Incentive that can yield instant profit

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The most basic form of share option is a contract to buy shares in a company at a future date, at a price agreed in advance. They are widely used as an incentive both for employees and directors.

If the shares in the company fall below the exercise price the options are worthless, but this costs the holder nothing. The options are simply ignored. If they rise above the exercise price, it makes sense to buy the shares, although normally this cannot be done for at least three years.

The great majority of shares bought as a result of option agreements are sold immediately to repay the money used to buy them. The difference between option and market price represents an instant profit.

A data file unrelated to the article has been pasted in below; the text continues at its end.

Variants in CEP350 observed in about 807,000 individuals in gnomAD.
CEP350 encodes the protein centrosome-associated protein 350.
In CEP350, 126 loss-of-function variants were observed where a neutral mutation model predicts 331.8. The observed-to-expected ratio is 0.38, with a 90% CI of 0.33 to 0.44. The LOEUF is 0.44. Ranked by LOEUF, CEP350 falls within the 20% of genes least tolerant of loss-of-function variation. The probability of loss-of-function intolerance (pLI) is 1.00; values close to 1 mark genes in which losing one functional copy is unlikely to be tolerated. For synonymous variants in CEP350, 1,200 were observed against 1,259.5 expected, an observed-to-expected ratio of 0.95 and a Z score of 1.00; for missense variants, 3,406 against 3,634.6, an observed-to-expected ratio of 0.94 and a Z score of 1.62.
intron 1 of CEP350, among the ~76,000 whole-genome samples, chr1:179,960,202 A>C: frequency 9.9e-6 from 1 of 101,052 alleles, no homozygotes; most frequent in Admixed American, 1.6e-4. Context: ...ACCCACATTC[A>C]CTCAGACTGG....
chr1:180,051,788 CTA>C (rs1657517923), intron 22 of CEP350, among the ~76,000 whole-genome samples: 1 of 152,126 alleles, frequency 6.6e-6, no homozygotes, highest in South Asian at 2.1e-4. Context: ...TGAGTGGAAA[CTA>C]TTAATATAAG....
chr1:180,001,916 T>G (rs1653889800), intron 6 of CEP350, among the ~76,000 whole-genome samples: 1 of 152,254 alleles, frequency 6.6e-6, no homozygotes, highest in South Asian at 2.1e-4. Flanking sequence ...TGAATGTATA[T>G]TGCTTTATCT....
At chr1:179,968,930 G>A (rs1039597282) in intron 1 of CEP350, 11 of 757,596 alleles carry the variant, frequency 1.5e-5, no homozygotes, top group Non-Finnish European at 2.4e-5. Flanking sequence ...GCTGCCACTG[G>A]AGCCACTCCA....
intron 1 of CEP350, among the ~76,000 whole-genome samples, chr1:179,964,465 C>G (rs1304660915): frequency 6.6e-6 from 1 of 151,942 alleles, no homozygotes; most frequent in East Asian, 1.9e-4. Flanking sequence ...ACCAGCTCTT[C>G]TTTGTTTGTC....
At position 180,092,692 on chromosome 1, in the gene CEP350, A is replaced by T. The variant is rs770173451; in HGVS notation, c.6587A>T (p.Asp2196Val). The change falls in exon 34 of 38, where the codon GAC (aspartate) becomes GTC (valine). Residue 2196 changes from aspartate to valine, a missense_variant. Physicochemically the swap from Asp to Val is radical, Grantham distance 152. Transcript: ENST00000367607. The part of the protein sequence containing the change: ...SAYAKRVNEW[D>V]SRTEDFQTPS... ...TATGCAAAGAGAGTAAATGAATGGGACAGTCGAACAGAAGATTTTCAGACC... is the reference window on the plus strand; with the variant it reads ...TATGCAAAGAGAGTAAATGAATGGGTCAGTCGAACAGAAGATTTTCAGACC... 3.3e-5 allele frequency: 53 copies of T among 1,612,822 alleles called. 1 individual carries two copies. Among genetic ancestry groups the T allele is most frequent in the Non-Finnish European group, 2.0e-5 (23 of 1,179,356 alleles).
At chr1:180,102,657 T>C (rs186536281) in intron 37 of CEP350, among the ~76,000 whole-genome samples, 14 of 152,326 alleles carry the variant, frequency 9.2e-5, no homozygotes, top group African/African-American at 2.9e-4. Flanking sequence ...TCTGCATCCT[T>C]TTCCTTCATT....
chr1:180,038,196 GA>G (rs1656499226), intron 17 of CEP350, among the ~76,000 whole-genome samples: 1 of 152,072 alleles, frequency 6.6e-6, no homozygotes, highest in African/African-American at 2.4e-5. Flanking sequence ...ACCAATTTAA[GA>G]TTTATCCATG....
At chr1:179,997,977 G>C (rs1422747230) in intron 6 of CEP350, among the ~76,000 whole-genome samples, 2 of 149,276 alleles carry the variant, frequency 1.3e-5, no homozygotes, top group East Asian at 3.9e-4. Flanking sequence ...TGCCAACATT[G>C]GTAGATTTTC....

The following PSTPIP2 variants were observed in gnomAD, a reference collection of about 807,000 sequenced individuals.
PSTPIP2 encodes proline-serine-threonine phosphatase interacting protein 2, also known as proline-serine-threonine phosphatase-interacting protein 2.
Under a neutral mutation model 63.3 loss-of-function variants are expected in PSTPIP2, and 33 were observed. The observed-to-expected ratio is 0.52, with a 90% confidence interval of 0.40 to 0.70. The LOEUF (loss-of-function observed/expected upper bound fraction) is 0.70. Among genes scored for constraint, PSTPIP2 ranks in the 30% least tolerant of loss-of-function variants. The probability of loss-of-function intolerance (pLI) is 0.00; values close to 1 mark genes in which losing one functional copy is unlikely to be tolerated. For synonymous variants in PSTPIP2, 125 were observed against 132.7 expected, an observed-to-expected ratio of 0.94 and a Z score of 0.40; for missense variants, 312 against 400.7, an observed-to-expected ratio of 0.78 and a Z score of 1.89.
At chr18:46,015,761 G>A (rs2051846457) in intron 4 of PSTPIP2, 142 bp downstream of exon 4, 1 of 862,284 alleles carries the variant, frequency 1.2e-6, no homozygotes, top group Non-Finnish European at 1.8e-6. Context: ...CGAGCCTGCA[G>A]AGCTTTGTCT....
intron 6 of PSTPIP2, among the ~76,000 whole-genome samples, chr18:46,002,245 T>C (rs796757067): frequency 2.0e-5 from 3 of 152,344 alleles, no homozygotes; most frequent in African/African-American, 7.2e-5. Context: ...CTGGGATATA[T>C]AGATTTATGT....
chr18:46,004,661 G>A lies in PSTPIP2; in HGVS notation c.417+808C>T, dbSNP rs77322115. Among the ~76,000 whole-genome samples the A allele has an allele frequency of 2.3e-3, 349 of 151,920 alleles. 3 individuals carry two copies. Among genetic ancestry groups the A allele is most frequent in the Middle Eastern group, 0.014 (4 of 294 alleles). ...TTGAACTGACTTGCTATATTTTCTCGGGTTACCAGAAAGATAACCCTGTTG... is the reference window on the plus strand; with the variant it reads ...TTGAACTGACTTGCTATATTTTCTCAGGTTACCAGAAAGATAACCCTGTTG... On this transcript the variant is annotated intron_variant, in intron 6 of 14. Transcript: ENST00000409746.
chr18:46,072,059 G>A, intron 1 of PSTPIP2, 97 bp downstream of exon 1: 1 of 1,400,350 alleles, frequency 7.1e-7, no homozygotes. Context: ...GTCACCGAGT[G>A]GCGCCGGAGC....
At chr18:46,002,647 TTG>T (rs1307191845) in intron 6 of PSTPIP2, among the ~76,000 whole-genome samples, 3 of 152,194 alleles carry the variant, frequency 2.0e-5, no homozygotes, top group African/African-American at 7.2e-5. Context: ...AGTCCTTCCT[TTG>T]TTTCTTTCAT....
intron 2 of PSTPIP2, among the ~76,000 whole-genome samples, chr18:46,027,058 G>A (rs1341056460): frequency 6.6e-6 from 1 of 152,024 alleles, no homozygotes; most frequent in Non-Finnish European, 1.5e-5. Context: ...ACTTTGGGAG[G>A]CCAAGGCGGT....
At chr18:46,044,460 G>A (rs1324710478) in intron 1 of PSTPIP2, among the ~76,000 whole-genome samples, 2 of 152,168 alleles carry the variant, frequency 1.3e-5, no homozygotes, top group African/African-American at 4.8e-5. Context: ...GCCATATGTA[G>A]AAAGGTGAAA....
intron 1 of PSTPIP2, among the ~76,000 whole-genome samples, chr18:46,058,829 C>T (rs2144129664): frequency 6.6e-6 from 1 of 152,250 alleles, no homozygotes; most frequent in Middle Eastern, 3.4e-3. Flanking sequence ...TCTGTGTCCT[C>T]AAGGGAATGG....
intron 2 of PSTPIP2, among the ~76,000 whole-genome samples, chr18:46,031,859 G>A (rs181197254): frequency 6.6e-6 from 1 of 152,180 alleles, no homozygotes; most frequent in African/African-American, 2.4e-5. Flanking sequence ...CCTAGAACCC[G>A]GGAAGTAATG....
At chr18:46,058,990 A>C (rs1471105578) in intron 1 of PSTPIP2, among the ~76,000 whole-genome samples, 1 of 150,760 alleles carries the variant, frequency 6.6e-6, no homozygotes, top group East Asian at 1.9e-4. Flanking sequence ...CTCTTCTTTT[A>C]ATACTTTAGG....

Although many employees have share options provided by their companies, there are a number of special schemes for directors. The Government long ago accepted the argument that a stake in the company is a good incentive because it aligns the interests of executives with shareholders.

Under an approved executive share option scheme, there are tax benefits because the profit is treated as a capital gain, with an annual tax relief of more than £5,800. Those who keep their shares after exercising the option pay no gains tax until the shares are sold.

The drawback of options is that they often reward directors for a rise in the stock market rather than their own or their company's performance.

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